EXOTICS IN THE WILD
The movement of homo sapiens around the planet has altered the geographic distribution of many species of plants and animals. In some cases, species are moved intentionally for agricultural or aesthetic reasons. Others are mere "hitchhikers" capitalizing on the great distances that humans travel to colonize new ecological niches. In all cases these newly introduced species are exotics, strangers in a strange land. Once introduced into a new ecosystem these exotics can often profoundly change the balance and abundance of native species.
Predators and competitors may not exist in the new environment which would in their native setting control growth and reproduction. Some cases are dramatic. Tamarisk, for example, has nearly established a monoculture in some Colorado river drainages, choking out native cottonwood and willows. Cheat grass is quickly overtaking a landscape once dominated by native sagebrush in the Great Basin. The introduction of such proliferative and dominant exotics into a natural system by accident is tragic; when intentional, it is inexcusable.
Wilderness as tracts of land that Congress has established by law to be preserved essentially unchanged by the hand of man should be protected with due vigilance from the encroachment or introduction of exotic species. Some regulations are in place to protect the High Uintas Wilderness, such as prohibitions on livestock feed that contains viable seed. However, this obvious management principle is ignored for several exotic species intentionally introduced into the wilderness for recreatio nal purposes. These include the active and frequent introduction of brook and rainbow trout within drainages to "improve" fishing opportunities in the streams and lakes of the High Uinta Mountains. As discussed in the last issue of The LYNX, both brook and rainbow trout are a direct threat to the native Colorado River and Bonneville Cutthroat Trout that once reigned as the only native trout in the High Uintas. In addition to being a direct threat to these species, they impact the aquatic ecosy stem just as profoundly as cheat grass and tamarisk in their respective niches. Many lakes that historically did not support a productive fishery are now brimming with brook and rainbow trout. Predation on amphibians, and aquatic invertebrates has radically altered the native flora and fauna of these lakes. And yet persistent exotic fish stocking continues within the wilderness.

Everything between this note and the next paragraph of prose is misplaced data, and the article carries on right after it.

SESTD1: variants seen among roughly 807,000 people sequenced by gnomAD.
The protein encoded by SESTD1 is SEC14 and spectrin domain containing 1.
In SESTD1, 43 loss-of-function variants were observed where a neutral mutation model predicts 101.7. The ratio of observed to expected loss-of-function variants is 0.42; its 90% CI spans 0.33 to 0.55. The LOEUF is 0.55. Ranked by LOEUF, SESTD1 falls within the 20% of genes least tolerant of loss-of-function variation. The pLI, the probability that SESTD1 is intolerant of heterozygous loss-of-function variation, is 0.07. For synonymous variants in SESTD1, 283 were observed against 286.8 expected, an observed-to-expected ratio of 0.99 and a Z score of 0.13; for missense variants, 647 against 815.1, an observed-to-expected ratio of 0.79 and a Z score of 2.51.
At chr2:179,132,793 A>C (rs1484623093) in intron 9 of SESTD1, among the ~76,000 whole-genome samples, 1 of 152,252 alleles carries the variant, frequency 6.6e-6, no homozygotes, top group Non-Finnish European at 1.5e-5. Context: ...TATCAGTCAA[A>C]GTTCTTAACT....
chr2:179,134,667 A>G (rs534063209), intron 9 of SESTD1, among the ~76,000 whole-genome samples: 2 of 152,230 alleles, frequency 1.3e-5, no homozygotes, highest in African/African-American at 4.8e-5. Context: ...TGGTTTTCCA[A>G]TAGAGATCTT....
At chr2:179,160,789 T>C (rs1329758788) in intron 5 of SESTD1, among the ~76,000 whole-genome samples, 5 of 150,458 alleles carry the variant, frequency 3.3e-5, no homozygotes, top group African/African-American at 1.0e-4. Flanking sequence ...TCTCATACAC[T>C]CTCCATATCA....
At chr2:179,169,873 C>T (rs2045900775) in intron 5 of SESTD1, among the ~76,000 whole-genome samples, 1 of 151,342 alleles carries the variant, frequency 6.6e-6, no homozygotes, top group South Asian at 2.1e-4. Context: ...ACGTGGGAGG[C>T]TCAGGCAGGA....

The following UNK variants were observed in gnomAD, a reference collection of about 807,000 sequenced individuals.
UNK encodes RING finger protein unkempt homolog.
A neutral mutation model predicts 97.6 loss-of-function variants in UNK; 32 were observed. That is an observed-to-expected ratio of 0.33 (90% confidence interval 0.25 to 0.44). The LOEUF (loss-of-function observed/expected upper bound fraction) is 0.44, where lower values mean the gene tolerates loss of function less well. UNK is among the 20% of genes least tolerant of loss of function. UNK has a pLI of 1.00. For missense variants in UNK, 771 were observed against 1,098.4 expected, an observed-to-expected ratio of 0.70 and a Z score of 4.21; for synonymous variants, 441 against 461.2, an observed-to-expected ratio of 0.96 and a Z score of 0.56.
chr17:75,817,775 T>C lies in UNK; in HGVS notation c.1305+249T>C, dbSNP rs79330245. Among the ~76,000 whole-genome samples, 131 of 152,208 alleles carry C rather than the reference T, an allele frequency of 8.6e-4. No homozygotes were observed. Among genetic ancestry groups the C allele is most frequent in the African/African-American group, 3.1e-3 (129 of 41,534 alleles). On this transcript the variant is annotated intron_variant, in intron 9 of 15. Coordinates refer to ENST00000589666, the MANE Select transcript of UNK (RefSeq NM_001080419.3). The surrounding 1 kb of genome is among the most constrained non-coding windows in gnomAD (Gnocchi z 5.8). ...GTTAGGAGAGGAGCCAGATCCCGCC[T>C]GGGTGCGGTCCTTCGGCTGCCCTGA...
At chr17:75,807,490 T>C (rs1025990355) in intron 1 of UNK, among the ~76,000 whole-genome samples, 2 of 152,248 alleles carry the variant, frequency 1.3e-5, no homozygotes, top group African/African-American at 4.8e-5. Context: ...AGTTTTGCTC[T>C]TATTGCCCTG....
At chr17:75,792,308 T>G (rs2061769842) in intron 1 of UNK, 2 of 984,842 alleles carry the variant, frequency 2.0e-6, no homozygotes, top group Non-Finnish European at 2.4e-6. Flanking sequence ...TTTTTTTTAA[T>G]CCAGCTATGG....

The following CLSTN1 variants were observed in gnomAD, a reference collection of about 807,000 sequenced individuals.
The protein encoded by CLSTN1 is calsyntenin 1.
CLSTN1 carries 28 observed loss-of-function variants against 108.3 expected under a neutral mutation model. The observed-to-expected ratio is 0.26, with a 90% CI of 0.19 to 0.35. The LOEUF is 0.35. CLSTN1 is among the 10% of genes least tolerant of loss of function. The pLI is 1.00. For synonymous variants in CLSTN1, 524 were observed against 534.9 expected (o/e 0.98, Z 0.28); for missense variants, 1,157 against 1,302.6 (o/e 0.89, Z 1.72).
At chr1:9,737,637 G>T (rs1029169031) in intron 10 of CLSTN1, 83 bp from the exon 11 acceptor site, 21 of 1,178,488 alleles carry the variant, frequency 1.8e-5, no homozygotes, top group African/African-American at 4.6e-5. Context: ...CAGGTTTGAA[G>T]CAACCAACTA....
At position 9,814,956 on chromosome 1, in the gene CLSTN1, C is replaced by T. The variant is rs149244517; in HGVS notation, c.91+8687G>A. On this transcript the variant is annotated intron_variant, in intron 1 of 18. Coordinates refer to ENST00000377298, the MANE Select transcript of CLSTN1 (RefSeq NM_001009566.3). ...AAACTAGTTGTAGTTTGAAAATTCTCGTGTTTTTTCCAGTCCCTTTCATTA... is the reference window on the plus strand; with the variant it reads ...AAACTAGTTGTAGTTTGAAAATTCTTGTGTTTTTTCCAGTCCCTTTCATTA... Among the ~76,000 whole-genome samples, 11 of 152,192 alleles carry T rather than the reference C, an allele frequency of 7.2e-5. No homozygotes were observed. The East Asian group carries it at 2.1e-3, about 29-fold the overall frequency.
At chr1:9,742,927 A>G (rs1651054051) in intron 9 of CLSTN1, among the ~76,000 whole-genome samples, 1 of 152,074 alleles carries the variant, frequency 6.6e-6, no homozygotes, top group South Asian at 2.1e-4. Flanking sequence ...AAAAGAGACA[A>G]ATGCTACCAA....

Where do we go from here? Continued introduction of exotic species within the High Uintas Wilderness is incompatible with the spirit of wilderness. An immediate end of the intentional introduction of exotics is the least we can demand of those that manage the wilderness. Reversing the consequences of years of misguided management of the High Uintas fisheries is a more complicated and difficult issue. Input from biologists specializing in aquatic ecosystems must provide guidance for such an ambitious undertaking. The ecological consequences of technologies historically used for fish removal must be carefully considered by experts and an educated public particularly when being considered within the wilderness.
Perhaps words from the Hippocratic Oath can guide us in this and future endeavors within wilderness areas: "...I will follow that system of regimen which, according to my ability and judgment, I consider for the benefit of my patients, and abstain from whatever is deleterious and mischievous...."
Michael Howard, HUPC Board Member